New digs
Sanford Stadium will unveil its new and improved south side at Saturday’s game. Georgia completed Phase I of a $63.5 million improvement project that expanded the 100 and 200 concourses on the Bulldogs’ side of the field and added hundreds of toilets, new concession areas and other amenities, primarily in the southwest corner of the 94-year-old stadium.
The most significant change, however, is going to be on Gillis Bridge, which traverses the west end of the stadium. During the week, the road that crosses that bridge, serves as the main traffic corridor connecting North and South campus. But starting at 7 p.m. Friday, the bridge will be closed to both pedestrian and automobile traffic and fitted with removable gates that provide main entry points to both sides of the 92,746-seat stadium. Like those in all other areas of the stadium, Gate 1 and 9 won’t be open for ticketed-spectator entry until two hours before kickoff, or 4 p.m. Saturday.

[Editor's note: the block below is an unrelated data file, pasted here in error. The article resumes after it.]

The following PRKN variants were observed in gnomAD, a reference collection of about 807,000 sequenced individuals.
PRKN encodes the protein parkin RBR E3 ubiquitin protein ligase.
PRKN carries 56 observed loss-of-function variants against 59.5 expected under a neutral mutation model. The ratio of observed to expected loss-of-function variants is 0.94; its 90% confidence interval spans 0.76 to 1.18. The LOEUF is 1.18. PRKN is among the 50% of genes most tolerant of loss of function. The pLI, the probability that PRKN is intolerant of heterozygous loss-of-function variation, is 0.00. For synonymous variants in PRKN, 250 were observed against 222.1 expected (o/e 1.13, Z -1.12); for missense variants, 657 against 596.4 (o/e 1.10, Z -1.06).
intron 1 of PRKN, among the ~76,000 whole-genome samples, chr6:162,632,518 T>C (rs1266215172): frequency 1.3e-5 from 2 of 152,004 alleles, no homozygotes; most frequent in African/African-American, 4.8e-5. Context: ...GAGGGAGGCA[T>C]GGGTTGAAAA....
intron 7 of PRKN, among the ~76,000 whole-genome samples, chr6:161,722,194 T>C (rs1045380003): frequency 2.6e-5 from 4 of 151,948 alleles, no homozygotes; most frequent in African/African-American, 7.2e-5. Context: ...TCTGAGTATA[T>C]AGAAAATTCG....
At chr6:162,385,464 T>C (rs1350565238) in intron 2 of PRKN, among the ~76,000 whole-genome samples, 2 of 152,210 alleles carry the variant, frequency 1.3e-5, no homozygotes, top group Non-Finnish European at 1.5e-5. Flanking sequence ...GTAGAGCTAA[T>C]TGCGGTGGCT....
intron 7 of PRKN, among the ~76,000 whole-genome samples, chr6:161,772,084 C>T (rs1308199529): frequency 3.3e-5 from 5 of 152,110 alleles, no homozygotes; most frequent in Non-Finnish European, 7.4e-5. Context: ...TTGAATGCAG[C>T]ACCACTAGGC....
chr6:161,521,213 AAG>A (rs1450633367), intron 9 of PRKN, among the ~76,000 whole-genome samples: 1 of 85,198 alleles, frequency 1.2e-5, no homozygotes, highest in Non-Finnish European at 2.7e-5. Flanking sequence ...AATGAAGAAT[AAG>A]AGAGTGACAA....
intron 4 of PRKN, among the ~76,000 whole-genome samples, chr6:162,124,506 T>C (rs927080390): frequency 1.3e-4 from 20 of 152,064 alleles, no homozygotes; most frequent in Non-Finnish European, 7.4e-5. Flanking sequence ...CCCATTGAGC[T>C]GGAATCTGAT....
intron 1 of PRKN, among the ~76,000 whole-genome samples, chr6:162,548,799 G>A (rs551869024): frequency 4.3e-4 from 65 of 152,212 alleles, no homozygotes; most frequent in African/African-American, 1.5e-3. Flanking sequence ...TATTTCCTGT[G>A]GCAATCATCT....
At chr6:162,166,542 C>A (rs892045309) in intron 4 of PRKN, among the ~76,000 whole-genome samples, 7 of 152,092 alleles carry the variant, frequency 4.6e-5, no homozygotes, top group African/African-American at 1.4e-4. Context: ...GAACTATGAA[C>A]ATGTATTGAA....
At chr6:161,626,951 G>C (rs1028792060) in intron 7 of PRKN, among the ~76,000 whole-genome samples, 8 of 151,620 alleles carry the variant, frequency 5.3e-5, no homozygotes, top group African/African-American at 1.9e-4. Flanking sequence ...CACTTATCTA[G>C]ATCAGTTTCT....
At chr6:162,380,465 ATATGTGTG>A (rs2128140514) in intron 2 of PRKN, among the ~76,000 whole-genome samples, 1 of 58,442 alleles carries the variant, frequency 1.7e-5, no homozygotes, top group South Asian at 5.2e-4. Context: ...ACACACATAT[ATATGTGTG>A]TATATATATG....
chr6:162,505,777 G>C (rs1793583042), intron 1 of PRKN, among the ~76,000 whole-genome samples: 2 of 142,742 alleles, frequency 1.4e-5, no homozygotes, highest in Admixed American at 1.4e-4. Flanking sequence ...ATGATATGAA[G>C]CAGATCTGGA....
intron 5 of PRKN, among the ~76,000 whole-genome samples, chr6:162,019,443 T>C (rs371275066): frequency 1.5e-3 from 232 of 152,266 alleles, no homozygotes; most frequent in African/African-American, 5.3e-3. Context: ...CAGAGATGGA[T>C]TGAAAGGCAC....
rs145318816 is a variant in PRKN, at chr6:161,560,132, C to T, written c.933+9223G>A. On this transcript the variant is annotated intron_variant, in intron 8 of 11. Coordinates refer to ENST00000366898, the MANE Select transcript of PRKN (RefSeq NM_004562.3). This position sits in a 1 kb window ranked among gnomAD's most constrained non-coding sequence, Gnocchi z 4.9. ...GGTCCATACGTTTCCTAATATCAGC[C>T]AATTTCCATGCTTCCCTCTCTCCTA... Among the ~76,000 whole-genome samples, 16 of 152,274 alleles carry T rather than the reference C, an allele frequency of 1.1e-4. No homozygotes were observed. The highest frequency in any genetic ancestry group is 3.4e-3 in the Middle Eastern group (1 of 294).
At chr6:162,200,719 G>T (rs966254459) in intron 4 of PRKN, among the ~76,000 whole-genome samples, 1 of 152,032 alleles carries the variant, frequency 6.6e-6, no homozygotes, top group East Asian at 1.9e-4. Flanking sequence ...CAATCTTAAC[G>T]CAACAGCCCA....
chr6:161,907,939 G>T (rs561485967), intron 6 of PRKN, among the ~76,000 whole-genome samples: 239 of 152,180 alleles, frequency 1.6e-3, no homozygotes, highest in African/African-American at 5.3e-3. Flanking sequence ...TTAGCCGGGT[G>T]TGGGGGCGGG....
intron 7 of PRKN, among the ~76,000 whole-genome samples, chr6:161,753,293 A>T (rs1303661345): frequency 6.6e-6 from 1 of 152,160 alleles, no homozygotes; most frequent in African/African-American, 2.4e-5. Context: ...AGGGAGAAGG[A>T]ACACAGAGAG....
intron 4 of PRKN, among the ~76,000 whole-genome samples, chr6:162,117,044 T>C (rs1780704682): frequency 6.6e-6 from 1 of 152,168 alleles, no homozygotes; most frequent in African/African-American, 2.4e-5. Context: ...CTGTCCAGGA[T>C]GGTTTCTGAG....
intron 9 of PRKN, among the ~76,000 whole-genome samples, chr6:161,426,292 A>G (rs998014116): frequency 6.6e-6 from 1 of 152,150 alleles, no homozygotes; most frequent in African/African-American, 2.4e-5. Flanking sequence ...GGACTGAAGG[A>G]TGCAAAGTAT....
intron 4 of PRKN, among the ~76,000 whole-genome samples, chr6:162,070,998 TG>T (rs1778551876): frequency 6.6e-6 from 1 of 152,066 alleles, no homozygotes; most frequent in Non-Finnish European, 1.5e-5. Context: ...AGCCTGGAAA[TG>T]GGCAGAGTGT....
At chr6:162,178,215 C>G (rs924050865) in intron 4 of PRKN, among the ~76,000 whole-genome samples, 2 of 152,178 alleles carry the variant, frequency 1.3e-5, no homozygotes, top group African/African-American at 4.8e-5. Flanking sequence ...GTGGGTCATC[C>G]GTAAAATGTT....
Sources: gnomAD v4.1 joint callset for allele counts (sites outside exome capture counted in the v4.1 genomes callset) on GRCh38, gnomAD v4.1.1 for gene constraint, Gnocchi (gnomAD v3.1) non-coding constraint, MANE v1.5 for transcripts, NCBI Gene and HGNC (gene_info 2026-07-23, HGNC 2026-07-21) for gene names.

That means the bridge will be closed when the Georgia football team makes the celebrated Dawg Walk march into the stadium at 3:45 p.m. Saturday.
Phase II of the construction project will get underway immediately after the Bulldogs’ Nov. 11 home game against Ole Miss, their last of the season. That phase will build on top of the lower-level construction and add a new press box and other game-operation spaces that will connect with the South’s 300 upper-level section.